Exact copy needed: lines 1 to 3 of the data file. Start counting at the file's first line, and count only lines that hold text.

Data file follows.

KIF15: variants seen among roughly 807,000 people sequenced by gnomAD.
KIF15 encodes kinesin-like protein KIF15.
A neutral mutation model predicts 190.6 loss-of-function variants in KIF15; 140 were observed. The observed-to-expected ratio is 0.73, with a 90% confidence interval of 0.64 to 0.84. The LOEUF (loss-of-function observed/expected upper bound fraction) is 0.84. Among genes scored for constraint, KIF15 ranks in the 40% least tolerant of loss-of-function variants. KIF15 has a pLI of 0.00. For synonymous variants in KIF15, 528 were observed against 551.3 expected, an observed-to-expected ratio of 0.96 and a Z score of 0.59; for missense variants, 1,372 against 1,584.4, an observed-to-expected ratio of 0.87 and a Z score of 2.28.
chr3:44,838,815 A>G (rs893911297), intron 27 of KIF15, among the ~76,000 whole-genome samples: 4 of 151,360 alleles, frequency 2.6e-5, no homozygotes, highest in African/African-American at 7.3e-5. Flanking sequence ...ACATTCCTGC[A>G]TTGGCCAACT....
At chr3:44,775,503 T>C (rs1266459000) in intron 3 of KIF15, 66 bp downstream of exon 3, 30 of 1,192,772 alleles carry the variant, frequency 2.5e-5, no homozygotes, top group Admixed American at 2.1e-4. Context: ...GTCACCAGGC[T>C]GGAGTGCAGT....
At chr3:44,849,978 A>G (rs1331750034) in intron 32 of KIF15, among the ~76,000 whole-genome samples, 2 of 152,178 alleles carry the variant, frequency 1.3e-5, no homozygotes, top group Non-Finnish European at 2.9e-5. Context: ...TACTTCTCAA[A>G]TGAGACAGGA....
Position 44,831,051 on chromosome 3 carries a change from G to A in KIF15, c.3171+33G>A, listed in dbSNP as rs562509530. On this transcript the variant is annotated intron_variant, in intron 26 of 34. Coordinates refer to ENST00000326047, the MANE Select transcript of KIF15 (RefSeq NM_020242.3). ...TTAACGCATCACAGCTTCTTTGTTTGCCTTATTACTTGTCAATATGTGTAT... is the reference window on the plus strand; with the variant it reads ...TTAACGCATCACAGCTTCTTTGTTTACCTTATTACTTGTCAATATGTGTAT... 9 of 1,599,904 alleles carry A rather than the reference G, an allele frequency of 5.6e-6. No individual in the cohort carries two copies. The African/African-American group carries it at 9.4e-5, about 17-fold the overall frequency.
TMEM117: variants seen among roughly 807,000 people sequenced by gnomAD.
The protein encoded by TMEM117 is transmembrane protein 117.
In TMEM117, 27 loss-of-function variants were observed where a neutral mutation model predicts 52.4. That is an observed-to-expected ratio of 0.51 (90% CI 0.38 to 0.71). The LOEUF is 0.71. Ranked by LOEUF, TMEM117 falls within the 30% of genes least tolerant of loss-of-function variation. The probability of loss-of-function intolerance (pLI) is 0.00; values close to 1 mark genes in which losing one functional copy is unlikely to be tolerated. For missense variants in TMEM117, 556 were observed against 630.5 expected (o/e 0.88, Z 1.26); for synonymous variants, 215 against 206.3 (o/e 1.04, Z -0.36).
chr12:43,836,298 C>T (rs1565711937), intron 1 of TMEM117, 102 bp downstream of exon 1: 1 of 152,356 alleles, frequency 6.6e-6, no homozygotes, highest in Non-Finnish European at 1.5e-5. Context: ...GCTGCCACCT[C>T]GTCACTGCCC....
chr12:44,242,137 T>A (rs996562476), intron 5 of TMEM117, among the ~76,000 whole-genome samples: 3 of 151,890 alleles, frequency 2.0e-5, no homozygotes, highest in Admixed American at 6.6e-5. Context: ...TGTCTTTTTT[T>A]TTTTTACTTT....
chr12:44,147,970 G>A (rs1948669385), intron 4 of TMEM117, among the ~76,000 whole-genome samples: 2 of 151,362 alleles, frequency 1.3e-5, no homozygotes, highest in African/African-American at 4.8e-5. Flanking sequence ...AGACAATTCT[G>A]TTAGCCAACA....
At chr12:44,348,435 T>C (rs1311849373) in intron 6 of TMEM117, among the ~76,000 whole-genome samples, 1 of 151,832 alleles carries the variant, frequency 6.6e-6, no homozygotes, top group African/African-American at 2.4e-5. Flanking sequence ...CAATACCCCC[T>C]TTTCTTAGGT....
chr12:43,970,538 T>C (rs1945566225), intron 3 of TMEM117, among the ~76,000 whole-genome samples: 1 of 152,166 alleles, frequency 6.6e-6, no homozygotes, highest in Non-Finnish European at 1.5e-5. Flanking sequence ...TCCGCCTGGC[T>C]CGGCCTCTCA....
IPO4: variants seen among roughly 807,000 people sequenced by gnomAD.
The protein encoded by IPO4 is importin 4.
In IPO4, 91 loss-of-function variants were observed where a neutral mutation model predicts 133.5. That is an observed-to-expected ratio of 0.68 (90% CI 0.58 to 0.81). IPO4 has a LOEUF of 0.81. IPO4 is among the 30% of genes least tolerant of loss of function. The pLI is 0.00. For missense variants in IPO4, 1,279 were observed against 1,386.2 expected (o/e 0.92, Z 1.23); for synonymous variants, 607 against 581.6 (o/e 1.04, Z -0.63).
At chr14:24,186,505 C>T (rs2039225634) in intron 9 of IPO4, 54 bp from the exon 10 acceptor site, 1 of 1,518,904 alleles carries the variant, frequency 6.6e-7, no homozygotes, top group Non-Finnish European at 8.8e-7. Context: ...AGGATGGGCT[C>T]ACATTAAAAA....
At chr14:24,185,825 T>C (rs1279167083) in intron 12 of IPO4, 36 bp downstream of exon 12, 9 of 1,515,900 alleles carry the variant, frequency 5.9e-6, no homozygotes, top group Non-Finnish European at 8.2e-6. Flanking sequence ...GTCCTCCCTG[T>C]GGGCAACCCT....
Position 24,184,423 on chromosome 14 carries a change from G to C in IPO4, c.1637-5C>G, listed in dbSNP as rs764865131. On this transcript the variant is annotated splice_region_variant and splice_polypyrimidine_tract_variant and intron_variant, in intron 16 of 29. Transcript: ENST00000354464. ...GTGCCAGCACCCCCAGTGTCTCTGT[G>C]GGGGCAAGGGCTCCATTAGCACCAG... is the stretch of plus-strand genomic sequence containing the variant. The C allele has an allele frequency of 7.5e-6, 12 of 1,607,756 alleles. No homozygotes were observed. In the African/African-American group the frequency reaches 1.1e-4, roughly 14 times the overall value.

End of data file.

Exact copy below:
KIF15: variants seen among roughly 807,000 people sequenced by gnomAD.
KIF15 encodes kinesin-like protein KIF15.
A neutral mutation model predicts 190.6 loss-of-function variants in KIF15; 140 were observed. The observed-to-expected ratio is 0.73, with a 90% confidence interval of 0.64 to 0.84. The LOEUF (loss-of-function observed/expected upper bound fraction) is 0.84. Among genes scored for constraint, KIF15 ranks in the 40% least tolerant of loss-of-function variants. KIF15 has a pLI of 0.00. For synonymous variants in KIF15, 528 were observed against 551.3 expected, an observed-to-expected ratio of 0.96 and a Z score of 0.59; for missense variants, 1,372 against 1,584.4, an observed-to-expected ratio of 0.87 and a Z score of 2.28.